Whether you have a full-time job or are a full-time student, finding the time to study for the GRE can seem like an impossible task. No matter where you are in your academic journey, creating a GRE study plan will help you to use your limited time more efficiently and keep you motivated. Your study plan will be unique to you, however we’ve compiled four components you’ll want to consider while making yours.
Determine your target score. At this point, you likely have a target score in mind based on the graduate programs you are considering. Take a practice test to determine your baseline score, then determine how many points you’ll need to increase it by to reach that target score (if you haven’t reached it already!) PrepScholar uses the estimates below for the amount of hours you should expect to devote to studying to increase your scores:
- 5 points = 40 hours
- 10 points = 80 hours
- 20 points = 160 hours
- 30 points = 240 hours
Establish how long you’ll need to prepare. Once you’ve determined by how much you’ll need to improve your score, you’ll need to establish the amount of hours you want to allot to study. Be mindful of how long you have before test day. For example, if you are trying to improve your Quantitative score by 10 points and you have two months, that will be about 10 hours a week to set aside for GRE prep. If possible, waiting to schedule your test until you’ve established how many hours and weeks you’ll need to prepare can help in this process.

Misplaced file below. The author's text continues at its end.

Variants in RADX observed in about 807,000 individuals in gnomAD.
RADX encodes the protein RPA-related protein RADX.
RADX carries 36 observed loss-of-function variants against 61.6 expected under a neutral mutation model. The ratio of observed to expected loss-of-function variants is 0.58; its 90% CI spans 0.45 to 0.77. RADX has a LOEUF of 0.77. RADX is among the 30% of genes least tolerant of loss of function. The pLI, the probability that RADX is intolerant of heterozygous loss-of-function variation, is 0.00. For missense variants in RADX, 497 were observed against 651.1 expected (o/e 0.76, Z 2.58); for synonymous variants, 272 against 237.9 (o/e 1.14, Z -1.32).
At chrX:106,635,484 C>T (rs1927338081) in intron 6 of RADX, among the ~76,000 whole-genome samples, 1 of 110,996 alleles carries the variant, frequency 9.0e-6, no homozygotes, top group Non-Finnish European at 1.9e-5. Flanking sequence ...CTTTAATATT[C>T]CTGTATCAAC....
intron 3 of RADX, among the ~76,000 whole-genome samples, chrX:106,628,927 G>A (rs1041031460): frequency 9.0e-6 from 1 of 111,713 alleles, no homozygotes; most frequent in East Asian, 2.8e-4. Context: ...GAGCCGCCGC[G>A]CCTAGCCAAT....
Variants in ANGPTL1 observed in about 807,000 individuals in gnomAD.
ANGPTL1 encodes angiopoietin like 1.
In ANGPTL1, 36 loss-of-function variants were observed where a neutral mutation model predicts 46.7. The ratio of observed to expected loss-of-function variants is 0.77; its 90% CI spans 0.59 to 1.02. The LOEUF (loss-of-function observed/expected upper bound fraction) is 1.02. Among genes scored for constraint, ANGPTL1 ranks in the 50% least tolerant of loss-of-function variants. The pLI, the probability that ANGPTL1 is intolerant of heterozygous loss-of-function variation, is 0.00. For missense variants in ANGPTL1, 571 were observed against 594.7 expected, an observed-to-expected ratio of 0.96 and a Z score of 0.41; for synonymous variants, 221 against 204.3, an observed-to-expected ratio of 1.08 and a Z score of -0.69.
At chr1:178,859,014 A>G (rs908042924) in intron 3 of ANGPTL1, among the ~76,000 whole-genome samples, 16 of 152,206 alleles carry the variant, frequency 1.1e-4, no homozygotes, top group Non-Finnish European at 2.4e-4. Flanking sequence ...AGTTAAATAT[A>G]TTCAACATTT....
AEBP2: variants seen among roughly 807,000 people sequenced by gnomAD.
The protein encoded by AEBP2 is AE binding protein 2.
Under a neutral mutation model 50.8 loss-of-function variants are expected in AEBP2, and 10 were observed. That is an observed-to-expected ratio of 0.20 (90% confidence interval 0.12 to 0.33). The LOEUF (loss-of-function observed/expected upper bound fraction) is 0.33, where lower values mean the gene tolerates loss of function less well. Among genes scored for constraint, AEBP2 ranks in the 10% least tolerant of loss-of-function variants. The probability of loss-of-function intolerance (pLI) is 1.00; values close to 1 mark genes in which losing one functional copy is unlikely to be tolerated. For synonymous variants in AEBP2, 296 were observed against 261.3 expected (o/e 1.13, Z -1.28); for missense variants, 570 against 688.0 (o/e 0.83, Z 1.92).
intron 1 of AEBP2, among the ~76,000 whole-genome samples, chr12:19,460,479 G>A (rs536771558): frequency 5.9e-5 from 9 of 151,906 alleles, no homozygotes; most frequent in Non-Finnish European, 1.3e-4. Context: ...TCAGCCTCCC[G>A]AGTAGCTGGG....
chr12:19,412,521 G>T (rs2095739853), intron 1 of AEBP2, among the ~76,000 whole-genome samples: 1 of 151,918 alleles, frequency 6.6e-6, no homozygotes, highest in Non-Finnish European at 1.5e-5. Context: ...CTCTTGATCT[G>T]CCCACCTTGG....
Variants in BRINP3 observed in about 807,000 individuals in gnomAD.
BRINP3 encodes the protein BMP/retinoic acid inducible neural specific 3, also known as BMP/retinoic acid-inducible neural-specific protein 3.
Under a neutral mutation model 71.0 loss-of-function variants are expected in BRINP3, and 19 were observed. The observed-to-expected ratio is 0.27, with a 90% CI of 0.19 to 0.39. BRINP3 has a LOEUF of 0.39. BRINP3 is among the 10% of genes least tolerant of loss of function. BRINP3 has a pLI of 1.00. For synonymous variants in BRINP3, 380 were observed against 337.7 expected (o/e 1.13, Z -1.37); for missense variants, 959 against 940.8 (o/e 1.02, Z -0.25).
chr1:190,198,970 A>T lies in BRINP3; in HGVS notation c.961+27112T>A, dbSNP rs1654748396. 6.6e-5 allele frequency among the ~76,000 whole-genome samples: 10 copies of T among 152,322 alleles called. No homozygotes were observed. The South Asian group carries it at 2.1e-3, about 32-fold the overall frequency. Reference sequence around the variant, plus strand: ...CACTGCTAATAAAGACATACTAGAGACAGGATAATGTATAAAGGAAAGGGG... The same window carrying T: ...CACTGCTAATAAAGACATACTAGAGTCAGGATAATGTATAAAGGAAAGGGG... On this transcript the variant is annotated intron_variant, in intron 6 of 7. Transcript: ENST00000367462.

Figure out which resources you’ll use. There are a multitude of resources designed specifically to help students prepare for the GRE. These range from practice tests to flashcards to personal tutoring. Find out what works best for you and look online for resources to aid your studying. Tools like Khan Academy and Magoosh have a variety of GRE practice and lessons.
Outline your schedule. After determining how long you’ll need to prepare, write a list of all the tasks (practice problems, review, flashcards, etc.) you’ll need to complete to feel prepared. Roughly outline your time in weeks, or even days and split up the tasks in a way that will be manageable. Make sure to also block off time to take multiple full-length practice tests. Magoosh has monthly and weekly sample GRE study schedules for some reference.
Dedicating time and effort before the GRE will help calm nerves on test day thanks to the hard work you’ve put in. A study plan will help you stay on track and use your time more efficiently to ensure success on test day.